The recent Court of Appeal decision in Homepace Ltd -v- Sita South Limited provides a useful reminder of the extent of the Court’s power to review the decision of an expert appointed by the parties to determine a dispute under a contractual expert determination provision.
In this case there was a dispute regarding a lessee’s liability to pay rent that would cease upon the exhaustion of all economically recoverable reserves of minerals in or under the land in question. The lease provided for the appointment of a surveyor to determine whether the mineral reserves were indeed economically recoverable. The surveyor drafted his report and subsequently answered questions by explaining the approach he had taken and providing clarifications. Issues arose as to whether the surveyor’s report complied with the requirements of the lease, and how far, if at all, that question could be examined by the court. In addition, the court considered whether the surveyor was required to respond to questions relating to his report and whether the court could take his responses into account.
The Court of Appeal reviewed case law in this area and summarised the position as follows:
- The binding effect or otherwise of an expert’s determination depends on the terms of the contract under which the determination is made, both as to what it is the expert has to decide and as to how far his decision is binding upon the parties;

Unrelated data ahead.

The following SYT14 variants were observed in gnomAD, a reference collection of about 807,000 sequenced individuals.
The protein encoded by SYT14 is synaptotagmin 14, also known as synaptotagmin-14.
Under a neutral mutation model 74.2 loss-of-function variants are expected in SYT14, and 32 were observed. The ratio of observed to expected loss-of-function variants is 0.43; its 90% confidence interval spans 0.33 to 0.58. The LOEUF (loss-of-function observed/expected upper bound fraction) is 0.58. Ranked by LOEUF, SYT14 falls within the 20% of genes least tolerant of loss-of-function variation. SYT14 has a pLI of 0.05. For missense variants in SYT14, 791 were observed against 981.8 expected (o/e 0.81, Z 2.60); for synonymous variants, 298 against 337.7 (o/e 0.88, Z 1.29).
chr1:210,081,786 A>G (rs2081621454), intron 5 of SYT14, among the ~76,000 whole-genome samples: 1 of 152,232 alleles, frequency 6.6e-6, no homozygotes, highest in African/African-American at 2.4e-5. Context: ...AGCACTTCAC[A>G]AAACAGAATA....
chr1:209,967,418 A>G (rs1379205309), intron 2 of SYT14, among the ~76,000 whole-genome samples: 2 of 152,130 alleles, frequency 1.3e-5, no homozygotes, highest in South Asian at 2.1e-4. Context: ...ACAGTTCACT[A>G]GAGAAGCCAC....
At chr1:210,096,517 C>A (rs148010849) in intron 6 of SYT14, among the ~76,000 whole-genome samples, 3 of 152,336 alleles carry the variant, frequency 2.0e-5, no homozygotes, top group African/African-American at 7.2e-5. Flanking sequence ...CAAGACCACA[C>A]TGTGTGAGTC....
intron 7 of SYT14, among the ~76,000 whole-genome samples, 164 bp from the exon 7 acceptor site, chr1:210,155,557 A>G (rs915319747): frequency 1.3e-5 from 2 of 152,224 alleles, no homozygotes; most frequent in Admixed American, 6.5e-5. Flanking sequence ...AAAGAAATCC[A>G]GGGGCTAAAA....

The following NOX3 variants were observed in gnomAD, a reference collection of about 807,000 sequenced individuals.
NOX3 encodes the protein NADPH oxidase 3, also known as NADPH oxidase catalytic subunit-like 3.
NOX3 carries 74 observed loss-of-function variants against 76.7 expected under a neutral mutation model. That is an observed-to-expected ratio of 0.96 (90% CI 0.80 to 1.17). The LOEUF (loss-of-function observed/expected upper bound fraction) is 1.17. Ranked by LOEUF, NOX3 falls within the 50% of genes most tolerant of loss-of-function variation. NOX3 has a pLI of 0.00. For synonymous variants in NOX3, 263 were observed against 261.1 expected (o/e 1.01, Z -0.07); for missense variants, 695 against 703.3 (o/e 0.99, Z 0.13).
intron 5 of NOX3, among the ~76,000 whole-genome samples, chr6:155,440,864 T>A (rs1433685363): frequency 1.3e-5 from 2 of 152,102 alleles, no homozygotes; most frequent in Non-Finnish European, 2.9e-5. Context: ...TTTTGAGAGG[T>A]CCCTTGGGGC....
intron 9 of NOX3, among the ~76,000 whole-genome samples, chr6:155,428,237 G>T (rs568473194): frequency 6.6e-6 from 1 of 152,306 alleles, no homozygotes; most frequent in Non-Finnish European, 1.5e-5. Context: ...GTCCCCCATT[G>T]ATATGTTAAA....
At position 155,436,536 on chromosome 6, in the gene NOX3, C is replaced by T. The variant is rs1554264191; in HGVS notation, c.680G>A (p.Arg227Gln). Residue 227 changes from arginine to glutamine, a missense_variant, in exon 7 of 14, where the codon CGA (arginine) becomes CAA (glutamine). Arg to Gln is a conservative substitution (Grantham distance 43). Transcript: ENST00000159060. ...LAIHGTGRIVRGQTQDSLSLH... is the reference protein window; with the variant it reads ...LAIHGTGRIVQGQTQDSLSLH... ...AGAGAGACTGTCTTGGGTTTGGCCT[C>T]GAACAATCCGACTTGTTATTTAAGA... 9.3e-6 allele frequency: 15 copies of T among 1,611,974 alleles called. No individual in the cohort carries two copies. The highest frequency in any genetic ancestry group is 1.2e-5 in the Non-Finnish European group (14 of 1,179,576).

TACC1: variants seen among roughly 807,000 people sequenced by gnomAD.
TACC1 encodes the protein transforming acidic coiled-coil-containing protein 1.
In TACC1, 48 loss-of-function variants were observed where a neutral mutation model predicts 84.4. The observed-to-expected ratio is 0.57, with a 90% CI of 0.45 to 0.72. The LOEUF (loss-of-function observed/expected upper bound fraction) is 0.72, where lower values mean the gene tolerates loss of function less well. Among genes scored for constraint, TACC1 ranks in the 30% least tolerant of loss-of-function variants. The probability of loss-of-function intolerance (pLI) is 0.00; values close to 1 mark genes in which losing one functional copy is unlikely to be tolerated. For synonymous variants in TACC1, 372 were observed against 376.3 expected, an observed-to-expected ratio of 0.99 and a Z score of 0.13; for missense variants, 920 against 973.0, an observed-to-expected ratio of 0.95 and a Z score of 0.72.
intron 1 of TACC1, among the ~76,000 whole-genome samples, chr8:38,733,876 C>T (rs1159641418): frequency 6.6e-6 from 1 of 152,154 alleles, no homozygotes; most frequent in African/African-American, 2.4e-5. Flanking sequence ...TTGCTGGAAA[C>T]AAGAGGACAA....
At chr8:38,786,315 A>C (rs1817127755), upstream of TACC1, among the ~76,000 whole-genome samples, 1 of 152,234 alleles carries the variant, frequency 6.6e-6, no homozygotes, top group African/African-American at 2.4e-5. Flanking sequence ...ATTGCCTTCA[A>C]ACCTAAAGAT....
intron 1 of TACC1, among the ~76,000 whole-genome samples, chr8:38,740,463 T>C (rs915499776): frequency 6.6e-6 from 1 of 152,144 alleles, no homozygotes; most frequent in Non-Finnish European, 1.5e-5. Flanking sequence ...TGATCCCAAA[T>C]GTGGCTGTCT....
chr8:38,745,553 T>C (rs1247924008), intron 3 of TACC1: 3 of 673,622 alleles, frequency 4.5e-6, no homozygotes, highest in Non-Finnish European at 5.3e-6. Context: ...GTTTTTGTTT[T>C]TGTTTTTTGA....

- In each case it is necessary to examine the determination, in order to see whether it lies within the scope of the expert’s authority. If it does not, then it has no effect as between the parties. If it does, then the contract also governs the question whether the determination is binding or whether, and if so on what grounds, the determination can be questioned;
- If there are grounds on which the determination can be questioned, the court then has to consider whether the expert has made a mistake that vitiates his decision.
The court found, in this instance, that the expert in question did not need to respond to requests for clarification of his report and if he had not done so he could not have been compelled to explain himself. However, as the expert had provided an explanation that made clear the basis on which he proceeded, the court had to look at that explanation when considering the reasoning that led him to draft his report and whether it was prepared on the correct basis.
Expert determination clauses need to be drafted with great care. If the parties want the right to question experts about their decision or seek clarification this should be set out in the clause. As long as any determination is within the scope of the expert’s authority set out in the relevant clause it will be difficult for parties to challenge the expert’s decision in the courts unless some form of appeal was envisaged in the original contract. Conversely to avoid challenge, an expert should closely comply with the exact terms of the clause under which he was appointed.
Case Reference: Homepace Ltd -v- Sita South Limited  EWCA Civ 1